Why we humans put off the hard, the labor intensive, the difficult or unsavory tasks is unclear. Maybe we think that the passage of time will make it easier or more interesting. Maybe we think if we wait long enough it will just go away. In my experience those things are seldom true, and sometimes waiting even makes things worse, or harder or more unsavory. I have also found that sometimes when we stare that big, bad task in the face it is not nearly as big, as scary or as difficult as we made it out to be in our mind. Sometimes it’s just a matter of getting up, walking over to that sewing machine, taking a look at what really needs to be done, staring it in the face and realizing the job really is doable. And maybe, just maybe there is just no job at all and it is just waiting for you to call it good..

By Karen Dimick

As a mother of five, a grandmother of nineteen, and a teacher for over 40 years I have been interested in writing about topics that relate to children and education for some time. During much of that time I dabbled in writing and did some work as a freelance writer, and then published my first book in 2009, Don’t Get Mad, Get Busy! A Handbook for raising terrific kids!” This blog was born of that endeavor as a way to promote my book and share my thoughts and ideas about topics I felt were important for parents, children and their education.
In 2010 I embarked in one of the most challenging teaching experiences I have ever had, short of the full time job of raising my own children; teaching early morning seminary. As a member of the Church of Jesus Christ of Latter-Day Saints (commonly known as the Mormon Church) I am a part of a lay ministry in which we lead and teach one another. Part of our educational program for the youth of our church includes a 4 year seminary program for high school students. Here in OC, CA classes are taught at our local church buildings before school begins, beginning in our area at the unearthly time of 5:45 am. So, for 4 years I spent much of my time studying, preparing, getting up early and catching up on sleep while serving as an early morning seminary teacher. It was a wonderful, difficult, and rewarding experience, but after 4 years I was ready to have a bit of my time back. With my release from that position I had time to resurrect this blog and once again return to writing about topics that I find important to the growth and development of children.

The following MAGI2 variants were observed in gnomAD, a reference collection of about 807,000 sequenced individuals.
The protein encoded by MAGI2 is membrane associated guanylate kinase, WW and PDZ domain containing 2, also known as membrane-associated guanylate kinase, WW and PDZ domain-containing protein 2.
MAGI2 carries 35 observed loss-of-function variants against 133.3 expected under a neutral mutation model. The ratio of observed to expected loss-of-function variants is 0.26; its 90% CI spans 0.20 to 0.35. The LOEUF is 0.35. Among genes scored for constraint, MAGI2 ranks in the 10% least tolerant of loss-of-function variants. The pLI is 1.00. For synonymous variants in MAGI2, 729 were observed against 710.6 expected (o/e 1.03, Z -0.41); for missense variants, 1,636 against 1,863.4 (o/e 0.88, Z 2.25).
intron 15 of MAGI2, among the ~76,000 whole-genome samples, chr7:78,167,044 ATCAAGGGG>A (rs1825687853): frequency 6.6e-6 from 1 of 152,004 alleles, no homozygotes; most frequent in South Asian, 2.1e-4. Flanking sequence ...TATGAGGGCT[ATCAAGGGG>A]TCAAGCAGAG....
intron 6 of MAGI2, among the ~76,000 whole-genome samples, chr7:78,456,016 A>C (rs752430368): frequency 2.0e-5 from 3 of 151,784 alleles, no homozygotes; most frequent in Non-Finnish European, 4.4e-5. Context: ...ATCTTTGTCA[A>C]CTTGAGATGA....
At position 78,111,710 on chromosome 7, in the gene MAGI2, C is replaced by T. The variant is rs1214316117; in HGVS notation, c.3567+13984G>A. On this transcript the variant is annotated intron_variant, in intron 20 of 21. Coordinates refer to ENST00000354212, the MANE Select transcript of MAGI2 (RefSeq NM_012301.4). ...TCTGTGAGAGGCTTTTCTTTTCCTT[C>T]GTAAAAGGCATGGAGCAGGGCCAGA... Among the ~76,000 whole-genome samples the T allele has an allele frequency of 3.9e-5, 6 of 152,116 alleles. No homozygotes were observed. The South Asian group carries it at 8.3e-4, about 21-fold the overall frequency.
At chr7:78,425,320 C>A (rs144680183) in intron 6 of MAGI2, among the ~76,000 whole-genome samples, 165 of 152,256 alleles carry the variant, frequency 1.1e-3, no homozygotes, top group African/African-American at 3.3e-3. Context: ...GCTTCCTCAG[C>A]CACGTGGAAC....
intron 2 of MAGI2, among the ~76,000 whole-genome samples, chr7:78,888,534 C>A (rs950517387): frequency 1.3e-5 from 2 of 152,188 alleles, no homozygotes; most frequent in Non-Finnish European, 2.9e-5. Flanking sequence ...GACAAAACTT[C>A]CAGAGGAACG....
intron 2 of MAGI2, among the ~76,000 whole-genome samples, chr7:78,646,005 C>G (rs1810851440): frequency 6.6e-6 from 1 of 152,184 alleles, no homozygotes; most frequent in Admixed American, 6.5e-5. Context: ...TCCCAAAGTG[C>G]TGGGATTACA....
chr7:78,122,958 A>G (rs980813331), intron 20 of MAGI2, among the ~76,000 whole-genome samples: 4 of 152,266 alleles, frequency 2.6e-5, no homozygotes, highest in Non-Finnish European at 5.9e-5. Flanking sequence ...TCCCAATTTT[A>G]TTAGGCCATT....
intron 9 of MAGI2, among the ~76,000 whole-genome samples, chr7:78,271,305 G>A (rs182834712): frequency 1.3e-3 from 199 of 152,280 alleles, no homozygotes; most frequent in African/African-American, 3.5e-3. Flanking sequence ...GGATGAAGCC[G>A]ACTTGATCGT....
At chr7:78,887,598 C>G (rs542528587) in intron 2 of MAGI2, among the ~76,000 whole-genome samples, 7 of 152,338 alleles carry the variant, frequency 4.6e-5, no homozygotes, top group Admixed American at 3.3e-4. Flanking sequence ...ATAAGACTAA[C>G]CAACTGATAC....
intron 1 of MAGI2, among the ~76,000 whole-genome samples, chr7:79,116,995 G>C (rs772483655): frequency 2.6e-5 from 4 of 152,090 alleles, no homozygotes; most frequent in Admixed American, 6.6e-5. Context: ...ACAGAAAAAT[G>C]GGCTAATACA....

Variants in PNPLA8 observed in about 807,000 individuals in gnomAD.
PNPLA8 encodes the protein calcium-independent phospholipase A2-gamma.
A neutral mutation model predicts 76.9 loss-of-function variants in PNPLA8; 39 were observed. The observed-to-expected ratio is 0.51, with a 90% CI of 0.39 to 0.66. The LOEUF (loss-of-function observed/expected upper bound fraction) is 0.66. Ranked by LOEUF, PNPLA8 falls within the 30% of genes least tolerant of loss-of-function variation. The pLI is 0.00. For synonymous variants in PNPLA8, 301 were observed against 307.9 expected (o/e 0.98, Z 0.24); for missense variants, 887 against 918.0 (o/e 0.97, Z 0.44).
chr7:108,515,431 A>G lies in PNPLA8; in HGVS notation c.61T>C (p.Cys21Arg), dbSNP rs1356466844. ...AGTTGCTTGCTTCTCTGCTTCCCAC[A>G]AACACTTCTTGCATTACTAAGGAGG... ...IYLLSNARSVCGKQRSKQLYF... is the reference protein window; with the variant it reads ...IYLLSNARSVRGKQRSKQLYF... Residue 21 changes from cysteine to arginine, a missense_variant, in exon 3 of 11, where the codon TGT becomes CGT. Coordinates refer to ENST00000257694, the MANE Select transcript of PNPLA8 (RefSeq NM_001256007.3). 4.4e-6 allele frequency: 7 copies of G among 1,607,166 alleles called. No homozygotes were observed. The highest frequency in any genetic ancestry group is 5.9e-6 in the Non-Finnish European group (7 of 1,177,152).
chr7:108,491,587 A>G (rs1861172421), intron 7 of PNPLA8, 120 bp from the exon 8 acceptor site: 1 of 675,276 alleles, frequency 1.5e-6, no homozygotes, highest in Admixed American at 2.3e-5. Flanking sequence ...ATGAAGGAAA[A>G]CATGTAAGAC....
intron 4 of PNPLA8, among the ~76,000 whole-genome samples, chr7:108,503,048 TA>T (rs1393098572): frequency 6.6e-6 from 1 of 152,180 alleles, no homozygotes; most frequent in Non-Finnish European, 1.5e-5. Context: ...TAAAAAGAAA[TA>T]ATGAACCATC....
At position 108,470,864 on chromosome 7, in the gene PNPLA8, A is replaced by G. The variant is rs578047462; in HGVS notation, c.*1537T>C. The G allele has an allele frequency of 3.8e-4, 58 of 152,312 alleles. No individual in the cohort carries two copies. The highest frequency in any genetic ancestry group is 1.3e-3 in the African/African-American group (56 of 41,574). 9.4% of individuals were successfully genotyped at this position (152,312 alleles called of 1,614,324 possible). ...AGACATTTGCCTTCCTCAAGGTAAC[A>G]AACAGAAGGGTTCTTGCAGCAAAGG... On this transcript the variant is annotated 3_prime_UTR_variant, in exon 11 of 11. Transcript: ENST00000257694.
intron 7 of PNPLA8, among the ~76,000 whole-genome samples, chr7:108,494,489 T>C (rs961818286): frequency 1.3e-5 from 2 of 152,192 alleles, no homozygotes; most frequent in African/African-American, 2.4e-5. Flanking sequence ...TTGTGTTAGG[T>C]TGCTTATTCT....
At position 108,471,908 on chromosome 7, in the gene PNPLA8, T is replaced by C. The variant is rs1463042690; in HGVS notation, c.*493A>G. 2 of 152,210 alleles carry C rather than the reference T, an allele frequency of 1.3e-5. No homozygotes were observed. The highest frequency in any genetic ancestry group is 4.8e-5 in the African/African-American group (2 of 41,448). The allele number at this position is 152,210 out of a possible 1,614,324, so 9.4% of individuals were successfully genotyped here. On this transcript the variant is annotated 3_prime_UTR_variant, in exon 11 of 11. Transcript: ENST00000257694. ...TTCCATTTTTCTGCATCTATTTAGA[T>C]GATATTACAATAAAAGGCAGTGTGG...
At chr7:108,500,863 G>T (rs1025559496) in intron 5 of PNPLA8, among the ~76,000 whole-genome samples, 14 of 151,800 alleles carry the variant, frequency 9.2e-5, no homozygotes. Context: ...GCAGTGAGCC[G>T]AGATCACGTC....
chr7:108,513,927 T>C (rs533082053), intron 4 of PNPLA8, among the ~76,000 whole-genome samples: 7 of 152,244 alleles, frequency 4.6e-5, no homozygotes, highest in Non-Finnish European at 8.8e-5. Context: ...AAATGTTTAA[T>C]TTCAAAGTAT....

My experience and expertise comes not only from my experiences as a parent, teacher and writer. I also hold a degree Early Childhood Education, a BA in Psychology, a Multiple Subject Teaching Credential, an Education Specialist Credential and a Master's Degree in Special Education. I currently work as a Resource Specialist and Special Education teacher working with middle school struggling readers, students who have difficulties in math as well as students with organizational and assignment completion difficulties.